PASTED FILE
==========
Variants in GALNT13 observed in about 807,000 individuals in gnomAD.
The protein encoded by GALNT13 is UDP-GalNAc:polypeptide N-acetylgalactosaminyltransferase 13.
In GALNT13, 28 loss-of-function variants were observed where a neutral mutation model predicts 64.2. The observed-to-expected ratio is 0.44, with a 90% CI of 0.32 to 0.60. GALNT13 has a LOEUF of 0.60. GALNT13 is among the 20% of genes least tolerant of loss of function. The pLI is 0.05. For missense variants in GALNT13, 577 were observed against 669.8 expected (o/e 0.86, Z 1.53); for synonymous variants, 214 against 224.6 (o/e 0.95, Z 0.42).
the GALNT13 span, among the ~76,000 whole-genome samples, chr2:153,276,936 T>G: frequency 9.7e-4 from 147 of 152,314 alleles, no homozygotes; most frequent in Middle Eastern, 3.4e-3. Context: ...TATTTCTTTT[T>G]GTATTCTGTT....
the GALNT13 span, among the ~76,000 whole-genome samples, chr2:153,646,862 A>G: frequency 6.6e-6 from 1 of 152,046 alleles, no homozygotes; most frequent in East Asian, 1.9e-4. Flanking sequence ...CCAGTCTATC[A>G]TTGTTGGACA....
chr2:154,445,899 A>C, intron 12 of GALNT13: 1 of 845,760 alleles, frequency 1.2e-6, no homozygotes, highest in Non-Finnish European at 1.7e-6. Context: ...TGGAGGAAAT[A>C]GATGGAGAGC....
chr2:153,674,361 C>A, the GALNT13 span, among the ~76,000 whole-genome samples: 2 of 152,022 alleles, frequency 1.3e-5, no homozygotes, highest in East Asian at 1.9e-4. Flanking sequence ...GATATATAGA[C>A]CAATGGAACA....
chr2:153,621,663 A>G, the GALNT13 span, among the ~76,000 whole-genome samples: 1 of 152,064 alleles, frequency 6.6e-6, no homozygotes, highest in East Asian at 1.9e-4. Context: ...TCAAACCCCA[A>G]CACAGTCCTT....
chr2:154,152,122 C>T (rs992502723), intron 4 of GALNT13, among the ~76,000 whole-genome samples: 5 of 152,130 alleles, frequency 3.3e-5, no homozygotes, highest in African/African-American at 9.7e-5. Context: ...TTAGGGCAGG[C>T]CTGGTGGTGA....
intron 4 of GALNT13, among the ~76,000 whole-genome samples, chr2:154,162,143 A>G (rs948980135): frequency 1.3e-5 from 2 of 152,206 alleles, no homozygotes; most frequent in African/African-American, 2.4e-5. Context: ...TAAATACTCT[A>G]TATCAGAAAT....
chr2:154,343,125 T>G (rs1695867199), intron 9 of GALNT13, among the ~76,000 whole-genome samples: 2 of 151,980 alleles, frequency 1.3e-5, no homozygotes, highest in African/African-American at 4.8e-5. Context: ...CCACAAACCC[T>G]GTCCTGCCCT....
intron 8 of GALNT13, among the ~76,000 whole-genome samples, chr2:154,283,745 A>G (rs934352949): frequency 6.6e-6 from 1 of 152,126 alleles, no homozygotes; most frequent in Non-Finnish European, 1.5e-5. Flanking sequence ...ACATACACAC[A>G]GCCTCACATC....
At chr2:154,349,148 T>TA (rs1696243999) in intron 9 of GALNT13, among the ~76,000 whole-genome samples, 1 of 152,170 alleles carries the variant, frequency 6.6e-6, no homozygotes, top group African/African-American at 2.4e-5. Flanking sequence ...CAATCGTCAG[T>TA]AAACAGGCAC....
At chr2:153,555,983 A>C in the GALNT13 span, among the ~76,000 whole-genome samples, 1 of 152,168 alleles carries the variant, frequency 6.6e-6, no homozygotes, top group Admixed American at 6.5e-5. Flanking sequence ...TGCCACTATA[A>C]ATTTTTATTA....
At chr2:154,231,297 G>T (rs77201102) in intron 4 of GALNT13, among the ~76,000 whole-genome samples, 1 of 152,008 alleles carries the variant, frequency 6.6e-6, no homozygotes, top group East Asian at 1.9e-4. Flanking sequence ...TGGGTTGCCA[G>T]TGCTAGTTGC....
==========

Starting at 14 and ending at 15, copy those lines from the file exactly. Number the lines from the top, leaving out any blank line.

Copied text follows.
At chr2:153,555,983 A>C in the GALNT13 span, among the ~76,000 whole-genome samples, 1 of 152,168 alleles carries the variant, frequency 6.6e-6, no homozygotes, top group Admixed American at 6.5e-5. Flanking sequence ...TGCCACTATA[A>C]ATTTTTATTA....
At chr2:154,231,297 G>T (rs77201102) in intron 4 of GALNT13, among the ~76,000 whole-genome samples, 1 of 152,008 alleles carries the variant, frequency 6.6e-6, no homozygotes, top group East Asian at 1.9e-4. Flanking sequence ...TGGGTTGCCA[G>T]TGCTAGTTGC....